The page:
Hell vs. Purgatory

By Jaxson

Main Difference

The main difference between Hell and Purgatory is that the Hell is a mythological place of, often eternal, suffering and Purgatory is a intermediate state for souls undergoing purification and destined for Heaven, affirmed to exist by some Christian denominations including the Roman Catholic Church.

  • Hell

    Hell, in many religious and folkloric traditions, is a place or state of torment and punishment in an afterlife. Religions with a linear divine history often depict hells as eternal destinations while religions with a cyclic history often depict a hell as an intermediary period between incarnations. Typically these traditions locate hell in another dimension or under the Earth’s surface and often include entrances to Hell from the land of the living. Other afterlife destinations include Heaven, Purgatory, Paradise, and Limbo.

    Other traditions, which do not conceive of the afterlife as a place of punishment or reward, merely describe hell as an abode of the dead, the grave, a neutral place located under the surface of Earth (for example, see Sheol and Hades).

  • Purgatory

    In Roman Catholic theology, purgatory (Latin: Purgatorium, via Anglo-Norman and Old French) is an intermediate state after physical death in which some of those ultimately destined for heaven must first “undergo purification, so as to achieve the holiness necessary to enter the joy of heaven,” holding that “certain offenses can be forgiven in this age, but certain others in the age to come.” And that entrance into Heaven requires the “remission before God of the temporal punishment due to [venial] sins whose guilt has already been forgiven,” for which indulgences may be given which remove “either part or all of the temporal punishment due to sin,” such as an “unhealthy attachment” to sin. Only those who die in the state of grace but have not yet fulfilled the temporal punishment due to their sin can be in purgatory, and therefore, no one in purgatory will remain forever in that state nor go to hell. The notion of purgatory is associated particularly with the Latin Rite of the Catholic Church (in the Eastern sui juris churches or rites it is a doctrine, though it is not often called “purgatory”, but the “final purification” or the “final theosis”).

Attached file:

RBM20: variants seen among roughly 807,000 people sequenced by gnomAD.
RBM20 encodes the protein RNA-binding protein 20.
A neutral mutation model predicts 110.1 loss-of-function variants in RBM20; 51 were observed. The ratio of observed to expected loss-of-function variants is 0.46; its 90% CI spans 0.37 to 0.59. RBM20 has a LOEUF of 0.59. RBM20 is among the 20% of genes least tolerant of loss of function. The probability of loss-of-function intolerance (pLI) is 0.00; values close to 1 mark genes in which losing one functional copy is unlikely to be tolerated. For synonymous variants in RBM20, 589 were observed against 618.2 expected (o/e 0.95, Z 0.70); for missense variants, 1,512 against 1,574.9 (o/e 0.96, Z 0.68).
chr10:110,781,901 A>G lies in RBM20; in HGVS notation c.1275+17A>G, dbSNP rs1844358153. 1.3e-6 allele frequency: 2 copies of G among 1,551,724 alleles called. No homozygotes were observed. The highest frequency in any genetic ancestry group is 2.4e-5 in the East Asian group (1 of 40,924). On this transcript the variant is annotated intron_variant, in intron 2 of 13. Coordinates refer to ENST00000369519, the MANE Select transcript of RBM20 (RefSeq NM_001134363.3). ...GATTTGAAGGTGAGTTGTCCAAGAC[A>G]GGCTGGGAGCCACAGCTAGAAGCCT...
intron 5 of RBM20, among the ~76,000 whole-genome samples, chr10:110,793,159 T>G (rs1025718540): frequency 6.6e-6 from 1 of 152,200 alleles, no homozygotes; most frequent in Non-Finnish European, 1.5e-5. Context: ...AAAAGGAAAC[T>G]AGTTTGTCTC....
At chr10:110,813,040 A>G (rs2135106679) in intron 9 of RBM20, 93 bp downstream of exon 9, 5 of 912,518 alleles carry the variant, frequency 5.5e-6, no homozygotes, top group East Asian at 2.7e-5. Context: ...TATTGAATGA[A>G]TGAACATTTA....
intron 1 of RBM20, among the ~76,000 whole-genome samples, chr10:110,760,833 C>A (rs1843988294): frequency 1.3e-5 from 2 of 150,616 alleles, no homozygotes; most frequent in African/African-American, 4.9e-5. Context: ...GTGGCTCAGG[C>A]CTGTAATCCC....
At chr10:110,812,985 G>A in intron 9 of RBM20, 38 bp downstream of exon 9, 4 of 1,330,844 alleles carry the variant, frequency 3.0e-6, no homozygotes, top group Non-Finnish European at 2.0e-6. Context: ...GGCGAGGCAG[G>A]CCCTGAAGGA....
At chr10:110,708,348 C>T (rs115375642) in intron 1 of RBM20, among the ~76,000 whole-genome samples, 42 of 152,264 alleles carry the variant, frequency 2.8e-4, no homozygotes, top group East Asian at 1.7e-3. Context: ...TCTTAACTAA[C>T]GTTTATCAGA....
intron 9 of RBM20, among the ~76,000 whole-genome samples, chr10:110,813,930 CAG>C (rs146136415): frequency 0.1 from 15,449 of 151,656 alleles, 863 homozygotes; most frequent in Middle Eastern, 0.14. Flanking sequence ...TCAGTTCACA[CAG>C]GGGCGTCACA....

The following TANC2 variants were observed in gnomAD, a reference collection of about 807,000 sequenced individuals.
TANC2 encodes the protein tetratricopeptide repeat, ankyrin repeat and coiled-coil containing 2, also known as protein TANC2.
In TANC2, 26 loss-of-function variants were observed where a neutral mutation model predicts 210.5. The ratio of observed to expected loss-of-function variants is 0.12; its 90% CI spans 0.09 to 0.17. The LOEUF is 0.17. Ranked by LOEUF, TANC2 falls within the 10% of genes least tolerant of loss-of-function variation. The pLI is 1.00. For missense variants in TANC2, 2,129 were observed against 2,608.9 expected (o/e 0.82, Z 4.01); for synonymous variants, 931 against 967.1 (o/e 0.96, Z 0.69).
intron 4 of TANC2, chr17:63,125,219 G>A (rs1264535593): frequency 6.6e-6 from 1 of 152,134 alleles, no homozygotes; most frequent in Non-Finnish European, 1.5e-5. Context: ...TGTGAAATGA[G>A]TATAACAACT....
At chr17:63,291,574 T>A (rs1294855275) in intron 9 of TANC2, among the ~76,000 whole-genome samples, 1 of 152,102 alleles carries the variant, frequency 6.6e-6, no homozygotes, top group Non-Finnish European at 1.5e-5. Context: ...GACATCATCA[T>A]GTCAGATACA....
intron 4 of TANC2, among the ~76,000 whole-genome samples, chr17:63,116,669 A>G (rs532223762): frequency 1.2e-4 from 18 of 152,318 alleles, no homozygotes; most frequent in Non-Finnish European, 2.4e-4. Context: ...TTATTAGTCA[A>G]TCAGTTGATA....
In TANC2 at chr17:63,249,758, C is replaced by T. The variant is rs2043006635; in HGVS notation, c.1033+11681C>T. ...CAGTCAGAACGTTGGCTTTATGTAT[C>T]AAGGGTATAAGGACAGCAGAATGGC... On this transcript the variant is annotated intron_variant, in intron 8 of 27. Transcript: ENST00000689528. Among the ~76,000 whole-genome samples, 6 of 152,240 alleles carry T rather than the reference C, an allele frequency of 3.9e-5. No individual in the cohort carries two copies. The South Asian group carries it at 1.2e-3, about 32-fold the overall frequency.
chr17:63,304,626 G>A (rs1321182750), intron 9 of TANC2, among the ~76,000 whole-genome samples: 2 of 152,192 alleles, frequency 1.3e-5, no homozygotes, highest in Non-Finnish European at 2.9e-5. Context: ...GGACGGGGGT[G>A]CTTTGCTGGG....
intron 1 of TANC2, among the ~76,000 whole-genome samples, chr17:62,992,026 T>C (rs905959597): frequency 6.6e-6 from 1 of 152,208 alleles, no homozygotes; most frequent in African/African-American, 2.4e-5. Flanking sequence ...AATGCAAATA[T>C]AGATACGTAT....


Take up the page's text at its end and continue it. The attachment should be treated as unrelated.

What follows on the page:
Although denying the existence of purgatory as formulated in Roman Catholic doctrine, the Anglican and Methodist traditions along with Eastern Orthodoxy, affirm the existence of an intermediate state, Hades, and thus pray for the dead, Eastern Orthodox Churches believe in the possibility of a change of situation for the souls of the dead through the prayers of the living and the offering of the Divine Liturgy, and many Orthodox, especially among ascetics, hope and pray for a general apocatastasis. Judaism also believes in the possibility of after-death purification and may even use the word “purgatory” to present its understanding of the meaning of Gehenna.

    The word purgatory has come to refer also to a wide range of historical and modern conceptions of postmortem suffering short of everlasting damnation and is used, in a non-specific sense, to mean a condition or state of suffering or torment, especially one that is temporary.